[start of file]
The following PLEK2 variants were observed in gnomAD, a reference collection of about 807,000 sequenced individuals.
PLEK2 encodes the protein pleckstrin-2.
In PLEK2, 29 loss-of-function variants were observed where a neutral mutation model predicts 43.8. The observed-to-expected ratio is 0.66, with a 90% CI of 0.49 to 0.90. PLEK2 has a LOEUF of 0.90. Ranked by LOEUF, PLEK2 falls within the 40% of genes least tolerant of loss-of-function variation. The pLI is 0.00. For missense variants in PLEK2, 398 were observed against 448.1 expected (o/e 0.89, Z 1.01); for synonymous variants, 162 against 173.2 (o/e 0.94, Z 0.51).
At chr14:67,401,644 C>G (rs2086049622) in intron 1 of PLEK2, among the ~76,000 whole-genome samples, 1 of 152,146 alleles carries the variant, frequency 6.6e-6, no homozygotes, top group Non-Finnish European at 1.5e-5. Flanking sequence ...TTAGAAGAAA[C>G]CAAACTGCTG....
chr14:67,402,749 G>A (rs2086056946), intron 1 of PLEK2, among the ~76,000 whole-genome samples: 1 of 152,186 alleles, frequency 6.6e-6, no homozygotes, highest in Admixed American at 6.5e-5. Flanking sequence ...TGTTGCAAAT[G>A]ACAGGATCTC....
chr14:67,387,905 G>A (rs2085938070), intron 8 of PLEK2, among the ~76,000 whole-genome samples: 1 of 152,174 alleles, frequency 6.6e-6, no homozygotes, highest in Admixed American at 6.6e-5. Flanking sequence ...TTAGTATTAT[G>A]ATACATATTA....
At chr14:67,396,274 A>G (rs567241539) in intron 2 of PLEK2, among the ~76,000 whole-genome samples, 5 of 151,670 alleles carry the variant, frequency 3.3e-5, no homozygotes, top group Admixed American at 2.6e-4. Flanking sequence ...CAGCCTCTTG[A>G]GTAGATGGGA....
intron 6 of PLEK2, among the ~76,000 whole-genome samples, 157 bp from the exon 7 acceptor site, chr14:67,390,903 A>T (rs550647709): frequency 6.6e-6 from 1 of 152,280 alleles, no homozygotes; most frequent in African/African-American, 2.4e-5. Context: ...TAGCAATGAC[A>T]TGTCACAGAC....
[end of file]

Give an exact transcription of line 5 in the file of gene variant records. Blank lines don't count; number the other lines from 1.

chr14:67,402,749 G>A (rs2086056946), intron 1 of PLEK2, among the ~76,000 whole-genome samples: 1 of 152,186 alleles, frequency 6.6e-6, no homozygotes, highest in Admixed American at 6.5e-5. Flanking sequence ...TGTTGCAAAT[G>A]ACAGGATCTC....